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Kennedy v. Kohnle

Supreme Court of Georgia

February 19, 2018

KENNEDY
v.
KOHNLE.

          Peterson, Justice.

         This case raises a question regarding the retroactive application of Alexander v. State, 297 Ga. 59 (772 S.E.2d 655) (2015), in which we held that an attorney's failure to counsel his client about parole eligibility may give rise to a claim of ineffective assistance of counsel. Teresa Lynn Kohnle pleaded guilty to felony murder in December 2010, before we decided Alexander but after the United States Supreme Court issued its opinion in Padilla v. Kentucky, 559 U.S. 356 (130 S.Ct. 1473, 176 L.Ed.2d 284) (2010), on which we relied in deciding Alexander. Sentenced to life in prison, Kohnle filed a petition for a writ of habeas corpus, alleging that her plea counsel was ineffective in several ways, including that he failed to inform her of the parole eligibility implications of a life sentence. The habeas court granted Kohnle's petition, relying on Alexander to conclude that Kohnle's counsel had rendered ineffective assistance. The Warden appeals, arguing that the habeas court erred in applying Alexander retroactively. We agree with the Warden that the habeas court erred by applying Alexander to find that plea counsel performed deficiently by failing to advise Kohnle that she would not be eligible for parole for 30 years if she pleaded guilty, and thus we vacate the habeas court's order. But we remand for the habeas court to consider Kohnle's claim that counsel was deficient for affirmatively misinforming her about parole eligibility matters, something we had held could support a claim of ineffective assistance long before Kohnle entered her plea. See Smith v. Williams, 277 Ga. 778, 778-779 (1) (596 S.E.2d 112) (2004).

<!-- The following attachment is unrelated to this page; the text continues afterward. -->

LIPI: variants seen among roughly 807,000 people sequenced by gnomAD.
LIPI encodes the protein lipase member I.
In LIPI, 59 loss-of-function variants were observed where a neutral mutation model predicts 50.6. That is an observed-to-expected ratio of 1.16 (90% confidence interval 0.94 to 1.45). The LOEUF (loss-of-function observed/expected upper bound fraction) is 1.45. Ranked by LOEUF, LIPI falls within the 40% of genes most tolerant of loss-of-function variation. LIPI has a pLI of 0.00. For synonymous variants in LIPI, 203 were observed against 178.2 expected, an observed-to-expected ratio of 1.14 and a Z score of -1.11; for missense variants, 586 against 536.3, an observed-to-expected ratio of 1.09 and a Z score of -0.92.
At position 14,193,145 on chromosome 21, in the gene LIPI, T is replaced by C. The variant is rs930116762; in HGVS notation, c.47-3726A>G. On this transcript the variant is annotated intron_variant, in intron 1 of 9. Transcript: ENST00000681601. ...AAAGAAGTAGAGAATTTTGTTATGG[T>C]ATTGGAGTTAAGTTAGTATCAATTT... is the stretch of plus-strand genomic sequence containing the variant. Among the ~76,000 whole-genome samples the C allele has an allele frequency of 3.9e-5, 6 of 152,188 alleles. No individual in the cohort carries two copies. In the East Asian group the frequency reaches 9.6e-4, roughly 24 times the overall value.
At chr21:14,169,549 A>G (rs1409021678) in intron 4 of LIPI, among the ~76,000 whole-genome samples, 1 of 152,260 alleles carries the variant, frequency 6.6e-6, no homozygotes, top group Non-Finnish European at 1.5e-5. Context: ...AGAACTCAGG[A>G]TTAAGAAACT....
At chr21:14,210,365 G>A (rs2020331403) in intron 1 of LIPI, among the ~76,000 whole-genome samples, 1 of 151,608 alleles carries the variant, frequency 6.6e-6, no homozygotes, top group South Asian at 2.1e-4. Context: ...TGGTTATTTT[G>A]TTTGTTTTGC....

1. Factual background

         Kohnle was indicted in August 2008 for malice murder, felony murder, and two counts of first degree arson in connection with the June 2007 death of her husband in a house fire. At the December 2010 plea hearing, Kohnle suggested to the trial court that she participated in setting the fire at her husband's direction as part of a financial plot and that she never intended for him to be harmed. The trial court stated that he would accept the guilty plea. Moving into sentencing, Kohnle told the court, "I just beg that you have mercy on me for this, because I know I didn't mean any harm." The trial court asked Kohnle whether she understood that he had "no control over the parole board." Kohnle replied:

THE DEFENDANT: I do. Is there a minimal amount of time that I
have to -
THE COURT: Yes, ma'am.
THE DEFENDANT: - serve before I'm even -
THE COURT: Yes, ma'am.
[DEFENSE COUNSEL]: Your Honor, [a parole officer] has shared with me the ranges and I've discussed those with her.
THE COURT: Okay.
[DEFENSE COUNSEL]: I have told her many times and she's actually acknowledged in writing that we cannot give her a specific number.
THE COURT: Well, I don't get in to giving specific numbers. I mean, there are statutes and things in the Georgia Constitution that apply to your sentence, but that's not - I'm not - you know, I can't tell you when you'll get out. ...

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